Rev. Andrew Cunnington
5th January 2014
Space to see Earth Reflected in Heaven… and Heaven Reflected in Earth

In my minds eye, I see camels and kings clopping through the streets of Redhill.

They are looking for lodging for the night on the long way to Bethlehem.

And it’s turning out to be some detour!

They wonder if the Vicarage in Ridgeway Road might be a safe bet for accommodation and they pull in on the front drive, causing mayhem, bumping into the parked cars and knocking our litter bins flying.

Pleased to welcome them, we show them to the best room in the house, with a wonderful view over our town with everything twinkling at night.

But within minutes they are stomping down our stairs with looks of regret in their eyes.

“Truly sorry” they say “but we can’t stay here, not for one moment, it’s the view from the room you gave us, it’s so full of lights we would lose sight of the one light that has become our guide”

So off they clopped towards Reigate, hoping it would be better there, even though I told them it wouldn’t, and that it would in fact be worse.

It’s true though, if you look down on Redhill at night it is so full of lights, that you’d miss the one true light, if that’s what you were looking for.

Over Redhill, there are street lamps, blue, yellow and orange. There are big blocks of light from stairwells in flats, kept on all night for “elf and safety”, there are neon signs for the Ford dealers and the BP garage. Helicopters spin overhead. Warning lights flashing, and planes for Gatwick go round and round before they are called in to land.

Look one way and the M25 shines brightly, look the other and the airport landing lights dominate the horizon. Look straight ahead and the 1.25am Southern Service to London Victoria sits shivering on the rails waiting in vain for the lights to change.

So full of lights, so that if you were looking for one light to guide you, it would be almost certain that you’d miss it.

Now there is something you should know about the way people saw things in Jesus’s day.

They saw life as a whole. They did not see a separation between the heavens and the earth. They were as one to them back then, so if something important is going to happen on earth you would expect to see a reflection of that event up in the heavens.

These Wise Men were not the sort of astrologers who might have a regular column in the “Daily Mail” or a little booth on Brighton Pier. They were indeed wise men, looking for meaning and unity of meaning in whatever happened.

Their vision of the night sky would not have been cluttered like ours is. They would not have seen a dividing line between getting on with things here on the ground, and looking for inspiration up in the sky. It was all one and the same.

This feast of the Epiphany beautifully sub titled “ the manifestation of Christ to the Gentiles”s challenges us to ask the vision we have for God has become crowded out by competing claims.

There are three groups of people in our Gospel reading that are worthy of note. Our noble kings, Herod and his henchmen and the religious leaders of the day, and look who comes out worst!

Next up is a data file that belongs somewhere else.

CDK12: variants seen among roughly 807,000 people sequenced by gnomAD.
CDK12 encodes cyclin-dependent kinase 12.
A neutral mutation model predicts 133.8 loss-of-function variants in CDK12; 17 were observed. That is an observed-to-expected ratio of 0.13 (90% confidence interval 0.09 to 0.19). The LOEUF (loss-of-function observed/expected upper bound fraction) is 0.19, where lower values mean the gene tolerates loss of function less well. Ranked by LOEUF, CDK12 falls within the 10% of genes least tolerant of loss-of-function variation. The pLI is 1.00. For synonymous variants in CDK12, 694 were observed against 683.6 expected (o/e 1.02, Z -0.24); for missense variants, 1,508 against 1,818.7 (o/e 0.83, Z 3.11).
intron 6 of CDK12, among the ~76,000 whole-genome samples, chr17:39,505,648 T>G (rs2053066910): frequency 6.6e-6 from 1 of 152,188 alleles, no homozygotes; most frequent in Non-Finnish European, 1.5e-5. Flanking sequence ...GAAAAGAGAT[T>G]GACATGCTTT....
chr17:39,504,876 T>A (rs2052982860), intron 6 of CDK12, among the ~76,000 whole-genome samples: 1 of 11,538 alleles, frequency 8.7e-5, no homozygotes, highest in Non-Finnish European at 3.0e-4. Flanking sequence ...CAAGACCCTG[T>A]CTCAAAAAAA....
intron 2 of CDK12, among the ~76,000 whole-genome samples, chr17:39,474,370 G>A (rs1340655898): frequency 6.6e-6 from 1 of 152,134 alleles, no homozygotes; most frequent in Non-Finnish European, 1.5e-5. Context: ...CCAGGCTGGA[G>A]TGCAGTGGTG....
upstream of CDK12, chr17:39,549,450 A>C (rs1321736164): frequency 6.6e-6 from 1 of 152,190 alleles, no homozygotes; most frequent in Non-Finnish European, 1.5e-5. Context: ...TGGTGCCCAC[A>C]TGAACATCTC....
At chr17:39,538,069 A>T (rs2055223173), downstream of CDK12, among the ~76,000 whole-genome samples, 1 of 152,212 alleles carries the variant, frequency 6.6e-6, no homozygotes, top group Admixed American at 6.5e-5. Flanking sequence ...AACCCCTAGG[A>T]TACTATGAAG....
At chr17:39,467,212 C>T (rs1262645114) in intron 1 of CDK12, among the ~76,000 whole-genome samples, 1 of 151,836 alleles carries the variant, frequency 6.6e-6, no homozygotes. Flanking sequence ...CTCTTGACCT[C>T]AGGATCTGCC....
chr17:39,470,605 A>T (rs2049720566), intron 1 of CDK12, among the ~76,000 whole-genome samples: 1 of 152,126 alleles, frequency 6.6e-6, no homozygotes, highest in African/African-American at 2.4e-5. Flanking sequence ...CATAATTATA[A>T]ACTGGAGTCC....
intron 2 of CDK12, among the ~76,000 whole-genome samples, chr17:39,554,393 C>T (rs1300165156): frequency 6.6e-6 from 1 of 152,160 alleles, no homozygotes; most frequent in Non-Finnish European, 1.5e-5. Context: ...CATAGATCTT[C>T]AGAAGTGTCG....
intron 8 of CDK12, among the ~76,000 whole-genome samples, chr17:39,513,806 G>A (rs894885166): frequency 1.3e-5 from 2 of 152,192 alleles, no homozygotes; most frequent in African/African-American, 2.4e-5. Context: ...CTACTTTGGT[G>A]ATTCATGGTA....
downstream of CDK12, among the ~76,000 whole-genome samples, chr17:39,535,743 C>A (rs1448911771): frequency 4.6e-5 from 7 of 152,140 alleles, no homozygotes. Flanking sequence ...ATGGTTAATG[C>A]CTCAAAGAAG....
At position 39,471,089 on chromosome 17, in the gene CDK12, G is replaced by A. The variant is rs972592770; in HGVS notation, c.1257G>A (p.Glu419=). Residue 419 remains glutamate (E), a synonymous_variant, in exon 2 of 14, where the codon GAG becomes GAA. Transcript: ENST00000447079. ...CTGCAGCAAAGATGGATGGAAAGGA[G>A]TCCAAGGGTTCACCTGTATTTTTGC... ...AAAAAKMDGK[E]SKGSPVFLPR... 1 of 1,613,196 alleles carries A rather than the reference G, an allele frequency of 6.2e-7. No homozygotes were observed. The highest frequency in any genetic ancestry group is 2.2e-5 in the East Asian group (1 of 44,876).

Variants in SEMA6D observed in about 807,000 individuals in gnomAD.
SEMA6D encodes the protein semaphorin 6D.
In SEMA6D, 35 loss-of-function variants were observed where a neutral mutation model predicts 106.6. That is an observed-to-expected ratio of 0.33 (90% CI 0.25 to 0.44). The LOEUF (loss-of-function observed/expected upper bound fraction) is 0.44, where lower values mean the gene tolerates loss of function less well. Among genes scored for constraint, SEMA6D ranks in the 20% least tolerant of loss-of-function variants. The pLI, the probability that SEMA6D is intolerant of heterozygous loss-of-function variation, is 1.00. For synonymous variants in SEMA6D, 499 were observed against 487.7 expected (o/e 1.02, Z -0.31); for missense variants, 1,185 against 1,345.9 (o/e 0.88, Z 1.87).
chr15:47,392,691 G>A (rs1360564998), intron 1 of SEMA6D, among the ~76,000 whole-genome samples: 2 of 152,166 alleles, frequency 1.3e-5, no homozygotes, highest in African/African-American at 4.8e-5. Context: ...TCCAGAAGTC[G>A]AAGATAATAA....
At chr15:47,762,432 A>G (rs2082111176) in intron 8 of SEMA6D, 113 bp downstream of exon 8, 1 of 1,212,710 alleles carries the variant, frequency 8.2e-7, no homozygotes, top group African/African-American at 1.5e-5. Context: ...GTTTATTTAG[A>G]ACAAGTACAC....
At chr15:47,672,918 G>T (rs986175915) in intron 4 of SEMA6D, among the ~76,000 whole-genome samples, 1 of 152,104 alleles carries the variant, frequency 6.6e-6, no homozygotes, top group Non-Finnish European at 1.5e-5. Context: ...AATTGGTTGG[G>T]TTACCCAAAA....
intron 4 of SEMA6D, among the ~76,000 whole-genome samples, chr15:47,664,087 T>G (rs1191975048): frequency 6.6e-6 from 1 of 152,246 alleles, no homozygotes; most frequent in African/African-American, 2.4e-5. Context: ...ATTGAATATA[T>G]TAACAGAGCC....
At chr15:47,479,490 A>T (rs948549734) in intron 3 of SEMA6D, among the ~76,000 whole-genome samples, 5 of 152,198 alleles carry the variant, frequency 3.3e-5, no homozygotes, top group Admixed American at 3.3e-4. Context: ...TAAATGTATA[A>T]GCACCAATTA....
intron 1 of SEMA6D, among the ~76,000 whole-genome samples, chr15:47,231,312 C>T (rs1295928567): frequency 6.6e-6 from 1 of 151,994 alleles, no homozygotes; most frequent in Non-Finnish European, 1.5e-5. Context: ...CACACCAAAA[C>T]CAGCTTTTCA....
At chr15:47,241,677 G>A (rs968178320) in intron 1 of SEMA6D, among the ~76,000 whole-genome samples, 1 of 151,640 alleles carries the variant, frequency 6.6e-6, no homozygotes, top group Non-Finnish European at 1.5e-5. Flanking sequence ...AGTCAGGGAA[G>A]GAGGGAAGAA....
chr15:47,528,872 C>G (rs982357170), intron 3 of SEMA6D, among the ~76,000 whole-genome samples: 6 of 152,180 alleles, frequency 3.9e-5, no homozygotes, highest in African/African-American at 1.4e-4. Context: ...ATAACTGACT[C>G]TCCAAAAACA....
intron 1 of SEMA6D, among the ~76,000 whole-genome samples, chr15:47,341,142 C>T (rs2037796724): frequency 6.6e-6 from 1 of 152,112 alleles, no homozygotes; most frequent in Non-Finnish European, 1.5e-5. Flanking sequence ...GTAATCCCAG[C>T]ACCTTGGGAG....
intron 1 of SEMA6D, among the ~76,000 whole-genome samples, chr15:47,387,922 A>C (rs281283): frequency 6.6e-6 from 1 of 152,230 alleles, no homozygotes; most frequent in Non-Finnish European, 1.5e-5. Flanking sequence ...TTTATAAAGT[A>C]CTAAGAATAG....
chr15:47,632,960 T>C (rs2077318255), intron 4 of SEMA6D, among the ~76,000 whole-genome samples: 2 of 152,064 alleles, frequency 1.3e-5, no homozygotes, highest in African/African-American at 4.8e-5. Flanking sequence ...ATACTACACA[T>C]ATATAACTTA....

The wise men have an uncluttered vision and proceed to the stable and when they get there, we read, wonderfully that they are “overwhelmed with joy”

When Herod hears of the imminence of the new born king, he actually is part of the way towards salvation because he accepts that the presence of the star is significant, but he is filled with rage at the prospect of being unseated, hence his scheming plot emerges.

And Herod summons the religious leaders of the day, the chief priests and the scribes, the ones who knew their scriptures backwards, the ones who, notionally anyway, are looking for a Messiah.

They hear about the star and its direction. They read to him from the scriptures that Bethlehem would be the birth place of the Messiah according to Micah’s prophecy. You might have expected that they would have noted all this with mounting excitement. That they would have wanted to hitch a lift on those camels, or at least run singing and dancing through the streets waking everyone up as they went, but they do nothing.

To coin a phrase “am I bothered”, no I’m not. They did nothing and it is their failure at this point to recognise what was happening, that set the course for all that was to unfold.

Their vision was crowded out with their own personal “to do” lists. Their vision suited them for a comfortable, well ordered life, they didn’t want God coming into things and mucking around with the structures. No Epiphany there, more like Lent all year round!

So amidst the New Year resolutions and hopes for 2014, one challenge! Keep your night sky clear.

Don’t let it be a mirror of Redhill’s night time horizons, a tangled web of man’s preoccupation with man. Make space in your skyline for the same star that led the wise men, and although that may mean you set off into the next twelve months not knowing where you are going, travel with the hope of joy in your heart because you are stepping out in faith.

I love the notion of what happens on earth and what happens in the heavens as being a reflection of each other’s experiences.

Because I think that’s what Jesus does and what Jesus is. He comes to like a star to reflect the ways of heaven down here upon the earth, and by his incarnation he reflects the ways of earth back up to heaven.

That’s what he came for and that’s the heart of our rejoicing upon this day.

The unity of heaven and earth in this child redeemer. Shown by stars in the sky and the strange gathering of shepherds and wise men at our manger scene.

Not to be pretty and enchanting, but this is how it is with God and his world.

MATTHEW 2: 1-11